During this recent spate of memorials, I’ve been feeling déjà vu all over again. I spent the 1960s listening to big band music from the 1930s and 1940s, so artistic attrition is something I’d begun calculating by the 1970s: Ellington and Basis; Miles and Diz; Satchmo and Django. Been there, done that, and mourned while keeping count. Of course, many aficionados of classical music never met a living composer, most of whom had been dead for centuries by the time their music came to dominate overly conservative public radio playlists.
Yes, baby boomers, I know: It isn’t quite the same thing. Never seeing Beethoven at Goethestock doesn’t match viewing Jimi Hendrix at Monterey Pop, and being able to remember very little about it, including whether you actually attended the show.
Please forgive the seeming flippancy, but permit me to offer this advice: All the “classic rock” stars are dead or about to be, so it’s finally time for you to LISTEN TO NEW MUSIC.
Young people insist on playing electric guitars, keyboards, bass and drums, and they’re defying codger logic by producing pleasing and original variations on comforting, familiar and sometimes loud themes. They’re out there, so give them a chance.
It’s the same as doctors: You want yours to be younger than you, right?
Back to Grand Funk.
When I grow up, I want to be … well, what?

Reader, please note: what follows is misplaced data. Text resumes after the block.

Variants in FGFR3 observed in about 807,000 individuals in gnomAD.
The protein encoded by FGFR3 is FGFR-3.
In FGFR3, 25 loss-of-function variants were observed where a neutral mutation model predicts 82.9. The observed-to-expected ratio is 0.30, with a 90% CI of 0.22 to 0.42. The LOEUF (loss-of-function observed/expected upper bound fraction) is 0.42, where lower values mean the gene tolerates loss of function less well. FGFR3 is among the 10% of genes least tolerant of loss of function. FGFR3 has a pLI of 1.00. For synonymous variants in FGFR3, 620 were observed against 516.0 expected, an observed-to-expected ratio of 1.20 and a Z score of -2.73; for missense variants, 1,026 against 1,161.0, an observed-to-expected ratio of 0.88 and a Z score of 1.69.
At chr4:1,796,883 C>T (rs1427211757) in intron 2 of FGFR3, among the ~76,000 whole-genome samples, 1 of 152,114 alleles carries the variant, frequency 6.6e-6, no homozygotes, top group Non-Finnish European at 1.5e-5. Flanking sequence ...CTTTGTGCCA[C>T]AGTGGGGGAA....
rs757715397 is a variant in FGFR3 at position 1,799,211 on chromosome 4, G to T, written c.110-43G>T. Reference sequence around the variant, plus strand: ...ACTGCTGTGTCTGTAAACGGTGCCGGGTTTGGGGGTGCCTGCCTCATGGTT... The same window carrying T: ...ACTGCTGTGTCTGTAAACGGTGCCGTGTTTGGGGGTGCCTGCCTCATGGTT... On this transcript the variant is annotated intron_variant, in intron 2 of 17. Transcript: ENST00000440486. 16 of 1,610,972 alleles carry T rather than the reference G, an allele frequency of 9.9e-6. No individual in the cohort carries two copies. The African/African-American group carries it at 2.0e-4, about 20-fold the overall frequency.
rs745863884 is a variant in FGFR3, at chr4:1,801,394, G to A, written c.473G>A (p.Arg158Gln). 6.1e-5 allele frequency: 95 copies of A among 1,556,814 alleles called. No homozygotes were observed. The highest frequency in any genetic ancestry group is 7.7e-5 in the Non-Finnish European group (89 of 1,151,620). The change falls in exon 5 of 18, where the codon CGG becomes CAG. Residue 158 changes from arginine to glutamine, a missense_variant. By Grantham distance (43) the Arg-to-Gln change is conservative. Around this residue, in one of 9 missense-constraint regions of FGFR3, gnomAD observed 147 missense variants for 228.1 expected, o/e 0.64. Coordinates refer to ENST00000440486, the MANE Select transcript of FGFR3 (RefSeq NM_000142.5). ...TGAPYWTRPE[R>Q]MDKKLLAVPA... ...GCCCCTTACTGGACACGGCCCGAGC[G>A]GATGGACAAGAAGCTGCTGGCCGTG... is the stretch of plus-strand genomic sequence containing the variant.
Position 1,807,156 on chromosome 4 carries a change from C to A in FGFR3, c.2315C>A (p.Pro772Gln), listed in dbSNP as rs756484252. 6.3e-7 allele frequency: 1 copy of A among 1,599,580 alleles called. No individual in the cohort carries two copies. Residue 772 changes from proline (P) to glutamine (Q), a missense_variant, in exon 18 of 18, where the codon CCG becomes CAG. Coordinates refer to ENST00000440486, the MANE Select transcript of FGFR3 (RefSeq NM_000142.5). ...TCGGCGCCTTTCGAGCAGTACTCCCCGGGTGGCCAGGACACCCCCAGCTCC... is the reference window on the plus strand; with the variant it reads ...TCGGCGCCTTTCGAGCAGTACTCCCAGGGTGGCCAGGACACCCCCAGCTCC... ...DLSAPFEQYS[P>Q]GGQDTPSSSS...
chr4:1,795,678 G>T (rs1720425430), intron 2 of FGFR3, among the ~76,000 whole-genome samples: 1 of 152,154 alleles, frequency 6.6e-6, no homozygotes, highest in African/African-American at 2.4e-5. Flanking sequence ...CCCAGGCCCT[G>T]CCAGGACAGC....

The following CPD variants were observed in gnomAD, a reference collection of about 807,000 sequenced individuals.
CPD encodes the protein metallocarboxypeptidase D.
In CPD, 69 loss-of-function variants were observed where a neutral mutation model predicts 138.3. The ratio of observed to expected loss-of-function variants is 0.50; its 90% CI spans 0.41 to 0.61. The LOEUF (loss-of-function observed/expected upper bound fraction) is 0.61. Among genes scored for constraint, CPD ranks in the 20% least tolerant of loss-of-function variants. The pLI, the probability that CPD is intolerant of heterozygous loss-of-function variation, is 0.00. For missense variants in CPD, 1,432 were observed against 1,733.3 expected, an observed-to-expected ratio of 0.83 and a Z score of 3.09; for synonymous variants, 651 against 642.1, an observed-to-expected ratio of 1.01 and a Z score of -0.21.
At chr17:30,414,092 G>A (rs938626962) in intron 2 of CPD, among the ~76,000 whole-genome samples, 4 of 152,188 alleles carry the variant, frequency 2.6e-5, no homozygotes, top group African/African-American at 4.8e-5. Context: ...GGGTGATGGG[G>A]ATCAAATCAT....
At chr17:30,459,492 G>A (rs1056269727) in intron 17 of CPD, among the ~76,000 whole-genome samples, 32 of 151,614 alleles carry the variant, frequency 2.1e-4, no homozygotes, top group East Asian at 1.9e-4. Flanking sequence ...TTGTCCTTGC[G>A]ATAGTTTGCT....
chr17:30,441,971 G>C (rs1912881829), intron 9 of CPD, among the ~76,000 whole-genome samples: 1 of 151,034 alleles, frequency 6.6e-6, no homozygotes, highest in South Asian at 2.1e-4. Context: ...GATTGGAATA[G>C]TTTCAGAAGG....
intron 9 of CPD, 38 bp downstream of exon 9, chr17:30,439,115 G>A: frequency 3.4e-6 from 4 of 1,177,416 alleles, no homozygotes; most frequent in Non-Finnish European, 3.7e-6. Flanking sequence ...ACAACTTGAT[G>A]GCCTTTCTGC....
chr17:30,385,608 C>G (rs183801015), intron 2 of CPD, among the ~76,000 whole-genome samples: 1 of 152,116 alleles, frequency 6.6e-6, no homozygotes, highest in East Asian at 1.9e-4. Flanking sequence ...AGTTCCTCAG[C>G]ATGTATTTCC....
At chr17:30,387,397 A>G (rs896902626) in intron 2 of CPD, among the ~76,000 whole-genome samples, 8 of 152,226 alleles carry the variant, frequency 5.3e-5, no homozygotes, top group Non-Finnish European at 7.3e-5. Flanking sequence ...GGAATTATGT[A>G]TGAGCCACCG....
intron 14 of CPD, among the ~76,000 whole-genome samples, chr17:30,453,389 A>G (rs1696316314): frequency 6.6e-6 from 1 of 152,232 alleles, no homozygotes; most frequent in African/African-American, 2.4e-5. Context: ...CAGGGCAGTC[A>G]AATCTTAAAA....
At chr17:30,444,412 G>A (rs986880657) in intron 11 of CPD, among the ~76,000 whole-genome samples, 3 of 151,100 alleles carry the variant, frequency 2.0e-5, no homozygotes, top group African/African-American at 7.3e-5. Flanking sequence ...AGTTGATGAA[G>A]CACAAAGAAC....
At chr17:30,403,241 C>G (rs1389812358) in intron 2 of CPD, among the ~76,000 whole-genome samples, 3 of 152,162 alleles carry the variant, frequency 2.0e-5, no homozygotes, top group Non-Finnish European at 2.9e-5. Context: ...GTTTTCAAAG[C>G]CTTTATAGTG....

Some of my school chums had vocational aspirations. They wanted to be soldiers, sailors and race car drivers. Surely there was a future rock and roll star in the bunch, though most were more practical, probably because careers in medicine, law or engineering already had been chosen for them by their parents.
Forty years later, these matters remain a mystery to me. My father desperately wanted me to be an athlete, and while it never made very much sense to me, playing along with him seemed the least disruptive solution. In retrospect, devoting those many hours to playing a musical instrument would have made me happier, even if music wouldn’t have been a likely career choice from a monetary standpoint. Still, basketball didn’t exactly enrich me, did it?
In cosmic terms, singing in choir taught me far more about teamwork than playing sports, which struck me as fundamentally tainted by the “win at any cost” ethos. In a great many ways, I’ve never come close to recapturing the massed choral vibe, emphasizing teamwork for the greater artistic good. I miss it.
Wanting, being and growing up all suggest a process of self-knowledge. What are we good at doing? What do we prefer doing? What makes us feel productive, and provides some semblance of satisfaction at the end of a day?